• Chris Hallquist

      Your argument as it stands doesn’t work, because you assume that if a view cannot be known to be true on its own terms, it is self-defeating, but you could have a lesser degree of confidence in a view than claiming to know to be true.

      Then there’s the question of whether the logical positivists actually held the view you attribute to them; often when people claim to have a decisive refutation of a philosophical view, they’re attacking a version of the view no one has actually held.

      A logical positivist might also disagree with you about what kind of things can be proven empirically.

      Note that over 1/3 of respondents to the PhilPapers survey said they accept or lean towards “empiricism,” which often faces similar objections, which is reason to be cautious about trumpeting them as decisive.

    • Ray

      But logical positivism was a view that was indeed defeated, was a
      philosophical view, and was defeated philosophically, by proving that it
      was self-defeating

      This appears to be a persistent myth. While Logical positivism, pretty much from the beginning was accused of being self-refuting, this isn’t what killed it (to the extent rumours of its death haven’t been exaggerated in the first place.)

      To quote from : (on the issue of the verification principle being self-undercutting.)

      This sounds more compelling than it is. Ayer understood the
      principle to be a definition, defining a technical term,
      ‘meaning’. If so, then the sentence expressing the
      principle would indeed be analytic. So the self-undercutting
      charge strictly fails. But so construed and with nothing else
      said about it the principle would not have the same punch as
      before. Why should a metaphysician care whether his or her
      utterances lack some technical feature?

      Carnap explicitly takes up the “self-undercutting”
      charge against verifiability in Philosophy and Logical Syntax
      (1935), and Carnap is not interested in introducing a new technical
      term, ‘meaning’, so as to deny this technical property to
      unverifiable sentences. Carnap is careful to distinguish the
      language for which the verifiability principle is given from the
      meta-language in which we talk about that language. This
      meta-language would be the language in which the principle would be
      expressed. This may seem to offer another strategy against the
      “self-undercutting” charge because the principle applies to
      a different language than that in which it is expressed. This is not
      Carnap’s strategy. Carnap fully understands that if the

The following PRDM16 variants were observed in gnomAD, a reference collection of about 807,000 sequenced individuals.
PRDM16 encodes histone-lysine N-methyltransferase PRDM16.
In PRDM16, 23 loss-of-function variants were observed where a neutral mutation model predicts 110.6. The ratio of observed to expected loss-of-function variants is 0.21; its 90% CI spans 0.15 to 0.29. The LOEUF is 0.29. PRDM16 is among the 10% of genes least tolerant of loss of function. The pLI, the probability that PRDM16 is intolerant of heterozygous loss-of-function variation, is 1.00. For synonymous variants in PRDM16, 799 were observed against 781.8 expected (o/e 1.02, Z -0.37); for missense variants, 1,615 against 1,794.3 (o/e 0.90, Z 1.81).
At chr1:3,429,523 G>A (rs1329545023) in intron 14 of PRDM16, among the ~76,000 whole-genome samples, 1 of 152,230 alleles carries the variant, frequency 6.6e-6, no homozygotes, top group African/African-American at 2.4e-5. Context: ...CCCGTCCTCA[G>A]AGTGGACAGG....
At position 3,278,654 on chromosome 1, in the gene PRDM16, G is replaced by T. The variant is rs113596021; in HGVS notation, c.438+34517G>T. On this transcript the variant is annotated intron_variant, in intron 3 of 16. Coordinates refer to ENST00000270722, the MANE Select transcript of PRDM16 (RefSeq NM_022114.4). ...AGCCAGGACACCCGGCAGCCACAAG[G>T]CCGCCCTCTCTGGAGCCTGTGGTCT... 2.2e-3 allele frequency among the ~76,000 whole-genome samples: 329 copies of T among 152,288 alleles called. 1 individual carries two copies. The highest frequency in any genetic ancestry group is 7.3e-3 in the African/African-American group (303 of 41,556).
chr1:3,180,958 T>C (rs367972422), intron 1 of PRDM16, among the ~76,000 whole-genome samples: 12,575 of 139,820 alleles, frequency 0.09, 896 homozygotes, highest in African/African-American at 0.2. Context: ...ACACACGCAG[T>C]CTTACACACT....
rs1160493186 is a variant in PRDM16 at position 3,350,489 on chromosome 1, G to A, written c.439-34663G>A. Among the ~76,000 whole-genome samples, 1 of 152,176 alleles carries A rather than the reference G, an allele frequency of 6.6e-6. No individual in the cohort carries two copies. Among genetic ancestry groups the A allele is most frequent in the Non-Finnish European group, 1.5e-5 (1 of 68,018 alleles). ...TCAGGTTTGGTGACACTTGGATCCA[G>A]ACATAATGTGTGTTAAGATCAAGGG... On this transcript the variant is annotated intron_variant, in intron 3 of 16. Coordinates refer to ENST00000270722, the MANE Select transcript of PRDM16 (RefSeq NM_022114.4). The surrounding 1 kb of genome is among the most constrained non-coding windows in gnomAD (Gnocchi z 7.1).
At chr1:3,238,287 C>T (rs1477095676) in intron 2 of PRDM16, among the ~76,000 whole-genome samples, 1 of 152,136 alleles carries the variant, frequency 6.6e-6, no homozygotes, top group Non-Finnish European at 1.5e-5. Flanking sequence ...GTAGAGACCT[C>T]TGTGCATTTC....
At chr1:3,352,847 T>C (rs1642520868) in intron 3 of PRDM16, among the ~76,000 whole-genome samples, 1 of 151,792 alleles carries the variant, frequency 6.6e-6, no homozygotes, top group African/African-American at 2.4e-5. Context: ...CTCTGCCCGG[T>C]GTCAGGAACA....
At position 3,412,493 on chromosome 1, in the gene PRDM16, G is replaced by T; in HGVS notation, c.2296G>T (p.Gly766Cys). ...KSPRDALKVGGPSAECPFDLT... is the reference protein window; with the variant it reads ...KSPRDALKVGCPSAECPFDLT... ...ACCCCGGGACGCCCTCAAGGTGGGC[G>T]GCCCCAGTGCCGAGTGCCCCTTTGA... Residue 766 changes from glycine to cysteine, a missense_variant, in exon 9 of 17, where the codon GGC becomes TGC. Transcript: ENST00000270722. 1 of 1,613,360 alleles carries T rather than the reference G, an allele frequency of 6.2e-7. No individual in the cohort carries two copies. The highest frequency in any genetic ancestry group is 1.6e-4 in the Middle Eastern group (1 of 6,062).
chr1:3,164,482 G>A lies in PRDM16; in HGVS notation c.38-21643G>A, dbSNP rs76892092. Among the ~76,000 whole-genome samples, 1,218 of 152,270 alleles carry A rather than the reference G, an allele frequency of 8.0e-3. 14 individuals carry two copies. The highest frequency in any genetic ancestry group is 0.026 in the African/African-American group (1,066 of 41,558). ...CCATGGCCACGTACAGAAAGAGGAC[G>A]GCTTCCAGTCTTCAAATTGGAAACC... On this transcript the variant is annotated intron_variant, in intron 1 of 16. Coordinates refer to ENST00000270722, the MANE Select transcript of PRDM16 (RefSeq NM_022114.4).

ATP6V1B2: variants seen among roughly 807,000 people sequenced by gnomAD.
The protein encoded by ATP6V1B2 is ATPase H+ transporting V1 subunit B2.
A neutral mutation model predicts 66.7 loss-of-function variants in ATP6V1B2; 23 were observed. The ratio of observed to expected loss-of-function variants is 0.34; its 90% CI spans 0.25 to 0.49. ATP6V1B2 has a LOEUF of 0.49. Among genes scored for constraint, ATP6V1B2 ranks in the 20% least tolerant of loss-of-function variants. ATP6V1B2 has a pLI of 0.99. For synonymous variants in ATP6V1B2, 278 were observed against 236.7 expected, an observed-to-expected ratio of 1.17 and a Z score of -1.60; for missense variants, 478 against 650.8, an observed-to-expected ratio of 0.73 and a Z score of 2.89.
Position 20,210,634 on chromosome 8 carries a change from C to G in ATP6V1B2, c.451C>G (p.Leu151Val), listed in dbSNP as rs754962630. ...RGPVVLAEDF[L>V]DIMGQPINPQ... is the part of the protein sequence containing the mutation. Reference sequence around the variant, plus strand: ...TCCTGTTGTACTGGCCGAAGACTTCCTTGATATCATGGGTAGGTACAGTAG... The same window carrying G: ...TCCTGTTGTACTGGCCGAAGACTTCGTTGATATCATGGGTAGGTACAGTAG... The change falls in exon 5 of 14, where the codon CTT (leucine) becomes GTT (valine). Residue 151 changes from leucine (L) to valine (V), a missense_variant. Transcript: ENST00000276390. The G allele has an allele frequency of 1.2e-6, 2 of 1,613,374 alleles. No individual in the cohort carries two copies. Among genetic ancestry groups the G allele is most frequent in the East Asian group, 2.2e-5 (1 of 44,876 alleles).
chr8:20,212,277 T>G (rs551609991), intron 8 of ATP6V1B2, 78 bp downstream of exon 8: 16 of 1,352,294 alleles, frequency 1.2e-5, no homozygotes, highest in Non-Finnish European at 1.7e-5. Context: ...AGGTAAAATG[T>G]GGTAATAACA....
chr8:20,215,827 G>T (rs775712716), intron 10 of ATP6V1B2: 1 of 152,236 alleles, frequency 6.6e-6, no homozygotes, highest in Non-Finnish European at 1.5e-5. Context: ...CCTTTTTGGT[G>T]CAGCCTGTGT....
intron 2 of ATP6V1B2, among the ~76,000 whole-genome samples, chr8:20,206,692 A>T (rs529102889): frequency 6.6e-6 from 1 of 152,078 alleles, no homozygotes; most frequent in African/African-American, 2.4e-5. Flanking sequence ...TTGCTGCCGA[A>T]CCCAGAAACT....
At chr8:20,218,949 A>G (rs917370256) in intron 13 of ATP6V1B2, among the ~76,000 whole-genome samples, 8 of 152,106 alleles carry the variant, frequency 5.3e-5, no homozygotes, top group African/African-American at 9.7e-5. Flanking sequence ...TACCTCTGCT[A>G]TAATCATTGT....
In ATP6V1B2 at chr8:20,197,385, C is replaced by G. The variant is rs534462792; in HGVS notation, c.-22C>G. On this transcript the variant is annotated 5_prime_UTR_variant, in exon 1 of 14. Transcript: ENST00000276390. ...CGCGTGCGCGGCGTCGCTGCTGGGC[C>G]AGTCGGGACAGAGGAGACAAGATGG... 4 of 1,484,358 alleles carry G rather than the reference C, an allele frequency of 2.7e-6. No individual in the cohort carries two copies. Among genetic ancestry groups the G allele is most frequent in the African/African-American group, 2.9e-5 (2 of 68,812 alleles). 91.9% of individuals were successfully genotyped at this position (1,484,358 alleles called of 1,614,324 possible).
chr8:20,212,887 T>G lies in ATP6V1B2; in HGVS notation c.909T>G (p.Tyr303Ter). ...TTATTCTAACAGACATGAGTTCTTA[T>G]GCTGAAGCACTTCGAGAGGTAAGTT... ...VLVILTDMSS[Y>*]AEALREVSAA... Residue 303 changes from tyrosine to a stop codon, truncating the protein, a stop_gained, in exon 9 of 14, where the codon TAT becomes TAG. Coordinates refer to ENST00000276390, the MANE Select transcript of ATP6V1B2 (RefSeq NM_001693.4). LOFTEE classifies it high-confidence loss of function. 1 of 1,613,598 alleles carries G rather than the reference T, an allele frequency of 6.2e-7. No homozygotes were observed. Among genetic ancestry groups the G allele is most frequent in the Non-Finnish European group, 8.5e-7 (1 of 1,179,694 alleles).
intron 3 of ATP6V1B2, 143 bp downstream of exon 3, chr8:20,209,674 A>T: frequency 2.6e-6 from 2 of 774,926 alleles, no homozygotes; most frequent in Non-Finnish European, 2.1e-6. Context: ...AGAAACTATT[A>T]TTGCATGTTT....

general verificationist strategy is followed, there will also be a
      verificationist principle expressed in the meta-meta-language governing
      the meta-language.

      Carnap’s real defense of the principle is achieved by changing the
      nature of the discussion. By 1935 Carnap had introduced an important
      new element into his philosophy called the Principle of
      Tolerance. Tolerance is a radical idea. There is no uniquely correct
      logic (1934/1937 xiv–xv). Empiricism is a convention (Carnap,
      1936/1937 33). Perhaps more precisely each of the various versions of
      empiricism (including some sort of verificationism) is best understood
      as a proposal for structuring the language of science. Before
      tolerance, both empiricism and verificationism are announced as if
      they are simply correct. Correspondingly, what Carnap called
      metaphysics is then treated as though it is, as a matter of brute
      fact, unintelligible. But what is announced thus dogmatically can be
      rejected equally dogmatically. Once tolerance is in place, alternative
      philosophic positions, including metaphysical ones, are construed as
      alternative proposals for structuring the language of science.

      If you listen to people like Ayer talk about why they abandoned logical positivism e.g. here:

      you see nothing about logical positivism being self-refuting. Rather, you see examples where strict application of the principle, that statements must be phrased in terms of their logical consequences, becomes cumbersome: e.g. Mach’s principle never turned out to be that useful for formulating a physical theory, and speaking about the past by appealing to future observational consequences, while possible, is hopelessly awkward.

      • Chris Hallquist

        Thanks Ray. I suspected something like that was the case, but hadn’t looked into this particular area closely.